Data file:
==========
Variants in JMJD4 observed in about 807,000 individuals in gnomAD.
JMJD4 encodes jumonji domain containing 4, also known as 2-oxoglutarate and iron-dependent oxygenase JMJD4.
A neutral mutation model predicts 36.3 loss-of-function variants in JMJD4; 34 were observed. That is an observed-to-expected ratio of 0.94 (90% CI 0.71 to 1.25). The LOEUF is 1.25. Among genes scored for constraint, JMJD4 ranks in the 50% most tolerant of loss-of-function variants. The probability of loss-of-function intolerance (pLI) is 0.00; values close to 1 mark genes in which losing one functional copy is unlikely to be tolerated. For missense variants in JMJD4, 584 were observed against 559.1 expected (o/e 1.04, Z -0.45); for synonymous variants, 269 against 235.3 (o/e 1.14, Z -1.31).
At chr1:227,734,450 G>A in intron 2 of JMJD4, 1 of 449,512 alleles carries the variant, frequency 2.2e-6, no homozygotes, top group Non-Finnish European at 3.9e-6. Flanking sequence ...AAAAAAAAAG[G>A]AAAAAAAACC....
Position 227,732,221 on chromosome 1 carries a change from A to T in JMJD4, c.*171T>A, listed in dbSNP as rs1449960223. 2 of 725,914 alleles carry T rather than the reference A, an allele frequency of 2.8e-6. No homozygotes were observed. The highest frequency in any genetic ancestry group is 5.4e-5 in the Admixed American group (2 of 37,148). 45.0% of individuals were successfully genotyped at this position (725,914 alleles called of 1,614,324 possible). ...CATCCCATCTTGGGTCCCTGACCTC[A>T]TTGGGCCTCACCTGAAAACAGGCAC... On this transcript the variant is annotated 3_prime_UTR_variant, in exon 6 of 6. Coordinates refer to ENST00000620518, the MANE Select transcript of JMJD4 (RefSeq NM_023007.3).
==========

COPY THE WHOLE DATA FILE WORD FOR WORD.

Variants in JMJD4 observed in about 807,000 individuals in gnomAD.
JMJD4 encodes jumonji domain containing 4, also known as 2-oxoglutarate and iron-dependent oxygenase JMJD4.
A neutral mutation model predicts 36.3 loss-of-function variants in JMJD4; 34 were observed. That is an observed-to-expected ratio of 0.94 (90% CI 0.71 to 1.25). The LOEUF is 1.25. Among genes scored for constraint, JMJD4 ranks in the 50% most tolerant of loss-of-function variants. The probability of loss-of-function intolerance (pLI) is 0.00; values close to 1 mark genes in which losing one functional copy is unlikely to be tolerated. For missense variants in JMJD4, 584 were observed against 559.1 expected (o/e 1.04, Z -0.45); for synonymous variants, 269 against 235.3 (o/e 1.14, Z -1.31).
At chr1:227,734,450 G>A in intron 2 of JMJD4, 1 of 449,512 alleles carries the variant, frequency 2.2e-6, no homozygotes, top group Non-Finnish European at 3.9e-6. Flanking sequence ...AAAAAAAAAG[G>A]AAAAAAAACC....
Position 227,732,221 on chromosome 1 carries a change from A to T in JMJD4, c.*171T>A, listed in dbSNP as rs1449960223. 2 of 725,914 alleles carry T rather than the reference A, an allele frequency of 2.8e-6. No homozygotes were observed. The highest frequency in any genetic ancestry group is 5.4e-5 in the Admixed American group (2 of 37,148). 45.0% of individuals were successfully genotyped at this position (725,914 alleles called of 1,614,324 possible). ...CATCCCATCTTGGGTCCCTGACCTC[A>T]TTGGGCCTCACCTGAAAACAGGCAC... On this transcript the variant is annotated 3_prime_UTR_variant, in exon 6 of 6. Coordinates refer to ENST00000620518, the MANE Select transcript of JMJD4 (RefSeq NM_023007.3).